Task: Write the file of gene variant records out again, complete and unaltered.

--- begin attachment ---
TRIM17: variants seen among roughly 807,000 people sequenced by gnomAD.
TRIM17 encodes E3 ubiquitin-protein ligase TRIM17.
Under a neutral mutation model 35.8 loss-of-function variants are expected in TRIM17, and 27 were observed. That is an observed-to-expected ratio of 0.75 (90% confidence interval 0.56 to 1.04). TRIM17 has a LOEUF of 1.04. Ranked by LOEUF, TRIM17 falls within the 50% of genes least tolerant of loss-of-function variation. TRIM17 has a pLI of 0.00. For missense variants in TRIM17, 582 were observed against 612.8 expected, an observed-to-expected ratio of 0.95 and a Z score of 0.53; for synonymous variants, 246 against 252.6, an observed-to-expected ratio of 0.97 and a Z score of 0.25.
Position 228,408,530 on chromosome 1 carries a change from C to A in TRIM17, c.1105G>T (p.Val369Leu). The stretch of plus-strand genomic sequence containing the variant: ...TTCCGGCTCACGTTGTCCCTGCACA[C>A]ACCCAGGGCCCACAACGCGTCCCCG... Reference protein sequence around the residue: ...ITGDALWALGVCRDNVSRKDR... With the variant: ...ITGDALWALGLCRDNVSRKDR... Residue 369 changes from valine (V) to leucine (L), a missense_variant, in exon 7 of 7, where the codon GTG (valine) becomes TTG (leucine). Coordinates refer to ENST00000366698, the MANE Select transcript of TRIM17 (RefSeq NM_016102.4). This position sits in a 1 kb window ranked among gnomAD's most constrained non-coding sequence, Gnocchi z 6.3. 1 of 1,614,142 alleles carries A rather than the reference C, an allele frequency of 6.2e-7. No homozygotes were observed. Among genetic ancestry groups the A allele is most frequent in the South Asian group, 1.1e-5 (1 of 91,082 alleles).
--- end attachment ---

TRIM17: variants seen among roughly 807,000 people sequenced by gnomAD.
TRIM17 encodes E3 ubiquitin-protein ligase TRIM17.
Under a neutral mutation model 35.8 loss-of-function variants are expected in TRIM17, and 27 were observed. That is an observed-to-expected ratio of 0.75 (90% confidence interval 0.56 to 1.04). TRIM17 has a LOEUF of 1.04. Ranked by LOEUF, TRIM17 falls within the 50% of genes least tolerant of loss-of-function variation. TRIM17 has a pLI of 0.00. For missense variants in TRIM17, 582 were observed against 612.8 expected, an observed-to-expected ratio of 0.95 and a Z score of 0.53; for synonymous variants, 246 against 252.6, an observed-to-expected ratio of 0.97 and a Z score of 0.25.
Position 228,408,530 on chromosome 1 carries a change from C to A in TRIM17, c.1105G>T (p.Val369Leu). The stretch of plus-strand genomic sequence containing the variant: ...TTCCGGCTCACGTTGTCCCTGCACA[C>A]ACCCAGGGCCCACAACGCGTCCCCG... Reference protein sequence around the residue: ...ITGDALWALGVCRDNVSRKDR... With the variant: ...ITGDALWALGLCRDNVSRKDR... Residue 369 changes from valine (V) to leucine (L), a missense_variant, in exon 7 of 7, where the codon GTG (valine) becomes TTG (leucine). Coordinates refer to ENST00000366698, the MANE Select transcript of TRIM17 (RefSeq NM_016102.4). This position sits in a 1 kb window ranked among gnomAD's most constrained non-coding sequence, Gnocchi z 6.3. 1 of 1,614,142 alleles carries A rather than the reference C, an allele frequency of 6.2e-7. No homozygotes were observed. Among genetic ancestry groups the A allele is most frequent in the South Asian group, 1.1e-5 (1 of 91,082 alleles).